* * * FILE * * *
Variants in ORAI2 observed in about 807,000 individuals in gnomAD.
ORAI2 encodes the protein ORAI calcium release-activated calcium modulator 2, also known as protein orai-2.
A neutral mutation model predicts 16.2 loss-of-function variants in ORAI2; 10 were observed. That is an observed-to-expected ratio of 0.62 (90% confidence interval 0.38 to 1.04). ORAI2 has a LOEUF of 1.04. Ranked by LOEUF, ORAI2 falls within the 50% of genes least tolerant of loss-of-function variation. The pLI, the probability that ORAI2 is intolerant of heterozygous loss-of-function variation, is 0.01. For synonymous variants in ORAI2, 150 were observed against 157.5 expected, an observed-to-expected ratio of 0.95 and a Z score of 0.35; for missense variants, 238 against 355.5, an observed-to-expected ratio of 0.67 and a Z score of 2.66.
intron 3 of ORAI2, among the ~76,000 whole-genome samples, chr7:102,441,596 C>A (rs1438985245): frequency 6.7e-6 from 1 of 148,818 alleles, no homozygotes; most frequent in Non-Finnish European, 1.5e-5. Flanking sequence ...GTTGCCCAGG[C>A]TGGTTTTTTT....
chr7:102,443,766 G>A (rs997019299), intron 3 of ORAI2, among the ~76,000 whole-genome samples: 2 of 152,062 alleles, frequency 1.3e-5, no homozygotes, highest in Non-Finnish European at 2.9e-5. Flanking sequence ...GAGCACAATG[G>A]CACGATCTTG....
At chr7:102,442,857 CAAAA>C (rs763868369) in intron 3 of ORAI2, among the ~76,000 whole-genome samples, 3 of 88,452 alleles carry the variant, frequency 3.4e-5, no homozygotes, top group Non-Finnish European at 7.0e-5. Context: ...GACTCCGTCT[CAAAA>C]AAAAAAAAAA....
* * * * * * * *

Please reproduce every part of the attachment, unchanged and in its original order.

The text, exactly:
Variants in ORAI2 observed in about 807,000 individuals in gnomAD.
ORAI2 encodes the protein ORAI calcium release-activated calcium modulator 2, also known as protein orai-2.
A neutral mutation model predicts 16.2 loss-of-function variants in ORAI2; 10 were observed. That is an observed-to-expected ratio of 0.62 (90% confidence interval 0.38 to 1.04). ORAI2 has a LOEUF of 1.04. Ranked by LOEUF, ORAI2 falls within the 50% of genes least tolerant of loss-of-function variation. The pLI, the probability that ORAI2 is intolerant of heterozygous loss-of-function variation, is 0.01. For synonymous variants in ORAI2, 150 were observed against 157.5 expected, an observed-to-expected ratio of 0.95 and a Z score of 0.35; for missense variants, 238 against 355.5, an observed-to-expected ratio of 0.67 and a Z score of 2.66.
intron 3 of ORAI2, among the ~76,000 whole-genome samples, chr7:102,441,596 C>A (rs1438985245): frequency 6.7e-6 from 1 of 148,818 alleles, no homozygotes; most frequent in Non-Finnish European, 1.5e-5. Flanking sequence ...GTTGCCCAGG[C>A]TGGTTTTTTT....
chr7:102,443,766 G>A (rs997019299), intron 3 of ORAI2, among the ~76,000 whole-genome samples: 2 of 152,062 alleles, frequency 1.3e-5, no homozygotes, highest in Non-Finnish European at 2.9e-5. Flanking sequence ...GAGCACAATG[G>A]CACGATCTTG....
At chr7:102,442,857 CAAAA>C (rs763868369) in intron 3 of ORAI2, among the ~76,000 whole-genome samples, 3 of 88,452 alleles carry the variant, frequency 3.4e-5, no homozygotes, top group Non-Finnish European at 7.0e-5. Context: ...GACTCCGTCT[CAAAA>C]AAAAAAAAAA....